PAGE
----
Every film from Roger Ebert's "Great Movies" essays.
Daigo, a cellist, is laid off from his orchestra and moves with his wife back to his small hometown where the living is cheaper. Thinking he’s applying for a job at a travel agency he finds he’s being interviewed for work with departures of a more permanent nature – as an undertaker’s assistant.
Fourth watch of March around the World: Japan. Why does everybody in this film eat in such a disgusting manner? Or is that something Japanese? Departures feels like entry level Asian cinema; the sort of movie you’d recommend to one of your friends who just started digging the first layers of serious film watching and who asks you to give him some titles with which he may commence his journey. That positions is also resembled in the absurdly high IMDb-score for Departures, whilst most Letterboxd-users will certainly agree with me that the rich world of Asian cinema has plenty of better gems to offer than this light-hearted experience. Personally, I think it is too longwinded and lacking in scenes that leave much impression. It’s typical, and a pity, that this is one of the few Asian films that has managed to win an Oscar.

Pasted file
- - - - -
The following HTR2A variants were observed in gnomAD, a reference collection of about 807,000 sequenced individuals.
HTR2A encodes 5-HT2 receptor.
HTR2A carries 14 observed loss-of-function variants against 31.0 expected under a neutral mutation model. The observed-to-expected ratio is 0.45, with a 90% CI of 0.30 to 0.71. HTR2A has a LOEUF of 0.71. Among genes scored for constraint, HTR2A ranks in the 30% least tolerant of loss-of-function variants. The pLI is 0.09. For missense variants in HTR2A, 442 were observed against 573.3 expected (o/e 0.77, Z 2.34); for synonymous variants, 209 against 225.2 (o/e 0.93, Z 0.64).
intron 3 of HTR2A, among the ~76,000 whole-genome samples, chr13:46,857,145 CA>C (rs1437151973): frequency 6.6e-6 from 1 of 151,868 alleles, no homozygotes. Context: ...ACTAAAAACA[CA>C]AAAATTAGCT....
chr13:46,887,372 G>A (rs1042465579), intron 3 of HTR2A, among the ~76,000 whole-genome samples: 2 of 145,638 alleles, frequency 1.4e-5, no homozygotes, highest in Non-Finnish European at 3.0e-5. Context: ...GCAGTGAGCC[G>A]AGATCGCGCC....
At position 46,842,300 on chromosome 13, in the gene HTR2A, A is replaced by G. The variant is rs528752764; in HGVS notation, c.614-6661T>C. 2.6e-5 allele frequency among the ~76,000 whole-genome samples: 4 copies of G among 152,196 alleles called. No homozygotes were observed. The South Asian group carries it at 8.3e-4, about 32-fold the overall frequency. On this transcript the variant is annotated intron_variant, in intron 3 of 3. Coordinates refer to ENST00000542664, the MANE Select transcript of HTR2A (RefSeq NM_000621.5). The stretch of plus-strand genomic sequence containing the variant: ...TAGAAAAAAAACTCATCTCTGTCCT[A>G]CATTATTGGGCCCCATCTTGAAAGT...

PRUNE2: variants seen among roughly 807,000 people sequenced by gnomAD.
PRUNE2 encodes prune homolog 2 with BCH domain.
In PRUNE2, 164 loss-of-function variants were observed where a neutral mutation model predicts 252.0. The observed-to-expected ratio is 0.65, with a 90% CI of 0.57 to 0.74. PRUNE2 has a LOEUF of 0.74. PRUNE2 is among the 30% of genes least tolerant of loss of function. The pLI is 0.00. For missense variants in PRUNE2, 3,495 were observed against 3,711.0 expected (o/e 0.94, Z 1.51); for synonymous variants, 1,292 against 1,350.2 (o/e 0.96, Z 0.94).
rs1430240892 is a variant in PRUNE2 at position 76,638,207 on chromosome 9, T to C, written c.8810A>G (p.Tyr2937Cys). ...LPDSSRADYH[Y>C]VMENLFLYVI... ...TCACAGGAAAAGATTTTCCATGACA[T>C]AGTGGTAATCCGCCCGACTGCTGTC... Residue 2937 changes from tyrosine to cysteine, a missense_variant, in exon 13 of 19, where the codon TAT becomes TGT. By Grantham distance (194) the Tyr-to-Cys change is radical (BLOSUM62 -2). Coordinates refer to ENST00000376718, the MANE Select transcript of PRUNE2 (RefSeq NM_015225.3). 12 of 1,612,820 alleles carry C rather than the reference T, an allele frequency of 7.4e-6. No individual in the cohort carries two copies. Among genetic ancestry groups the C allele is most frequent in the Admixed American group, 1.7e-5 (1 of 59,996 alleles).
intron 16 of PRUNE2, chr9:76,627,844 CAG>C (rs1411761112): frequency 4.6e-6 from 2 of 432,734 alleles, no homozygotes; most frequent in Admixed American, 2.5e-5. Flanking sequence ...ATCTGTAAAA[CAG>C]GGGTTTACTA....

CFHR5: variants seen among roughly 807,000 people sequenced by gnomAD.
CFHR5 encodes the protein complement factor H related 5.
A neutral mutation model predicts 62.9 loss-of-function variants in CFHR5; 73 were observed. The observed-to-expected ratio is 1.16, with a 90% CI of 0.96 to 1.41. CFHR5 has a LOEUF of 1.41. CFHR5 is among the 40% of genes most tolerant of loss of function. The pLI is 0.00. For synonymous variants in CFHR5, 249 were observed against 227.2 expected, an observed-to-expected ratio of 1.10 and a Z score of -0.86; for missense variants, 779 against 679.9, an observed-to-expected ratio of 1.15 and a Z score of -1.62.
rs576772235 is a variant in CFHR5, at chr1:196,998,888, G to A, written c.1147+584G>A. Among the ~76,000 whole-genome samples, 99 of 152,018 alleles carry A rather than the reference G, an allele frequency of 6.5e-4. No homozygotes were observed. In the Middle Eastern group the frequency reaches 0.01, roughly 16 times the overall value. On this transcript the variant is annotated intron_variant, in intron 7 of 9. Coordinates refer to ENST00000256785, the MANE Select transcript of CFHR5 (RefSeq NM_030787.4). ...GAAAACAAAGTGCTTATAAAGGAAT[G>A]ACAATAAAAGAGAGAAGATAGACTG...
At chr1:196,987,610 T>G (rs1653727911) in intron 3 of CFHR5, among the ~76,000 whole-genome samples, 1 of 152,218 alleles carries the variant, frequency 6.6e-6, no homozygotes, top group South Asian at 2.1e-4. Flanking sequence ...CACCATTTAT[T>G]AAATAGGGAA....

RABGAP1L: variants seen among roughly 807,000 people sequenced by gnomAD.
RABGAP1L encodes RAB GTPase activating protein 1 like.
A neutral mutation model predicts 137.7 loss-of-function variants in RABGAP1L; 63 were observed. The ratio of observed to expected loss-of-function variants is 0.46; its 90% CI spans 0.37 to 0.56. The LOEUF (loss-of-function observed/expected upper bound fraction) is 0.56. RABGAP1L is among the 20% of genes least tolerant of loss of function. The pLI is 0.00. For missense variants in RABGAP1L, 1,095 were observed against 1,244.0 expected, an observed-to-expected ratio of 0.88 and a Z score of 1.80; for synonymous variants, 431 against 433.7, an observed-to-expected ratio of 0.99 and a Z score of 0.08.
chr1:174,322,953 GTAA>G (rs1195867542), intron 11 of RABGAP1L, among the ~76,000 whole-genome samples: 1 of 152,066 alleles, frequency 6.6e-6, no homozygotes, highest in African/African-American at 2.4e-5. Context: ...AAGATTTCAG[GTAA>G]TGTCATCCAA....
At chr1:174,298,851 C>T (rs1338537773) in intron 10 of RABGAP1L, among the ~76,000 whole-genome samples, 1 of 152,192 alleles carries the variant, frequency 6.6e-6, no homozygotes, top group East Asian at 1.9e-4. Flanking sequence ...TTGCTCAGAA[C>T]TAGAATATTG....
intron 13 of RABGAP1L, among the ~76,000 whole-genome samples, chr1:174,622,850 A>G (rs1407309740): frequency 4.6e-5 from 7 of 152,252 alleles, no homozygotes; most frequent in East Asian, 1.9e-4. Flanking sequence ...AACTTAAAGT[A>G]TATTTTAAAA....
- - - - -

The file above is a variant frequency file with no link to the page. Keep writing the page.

The postmortem is wholly conclusive and far from a pretty one. Loved ones may want to leave the room. Those that wish to stay please feel free to leave your messages of condolence below along with any respects you wish to pay. It would be nice to reflect upon a quick passing, a painless death onto a better place. But in a time of grief such as this, hiding the truth will hinder far more than it will help.
In reality Departures is a stinker of a film, a saccharine infested Oscar vehicle that smashed through the gates of the Academy and took what it came for. Any ideas given toward seeing a world in which conflicted characters overcome complicated…
A truly great piece of film making.
Departures is a beautifully acted Japanese movie, which managed to utterly immerse me into the fascinating life of Daigo Kobayashi, a successful cellist, who suddenly finds that his orchestra is to be disbanded.
This life has been a safety net and the regular income vanishes leaving Daigo with no money to pay for the brand new cello he has just bought and is facing big debts. Daigo has to go home and explain this all to his wife Mika.
His confidence in playing or working with another orchestra is all but lost and Daigo decides to sell his instrument and try something else.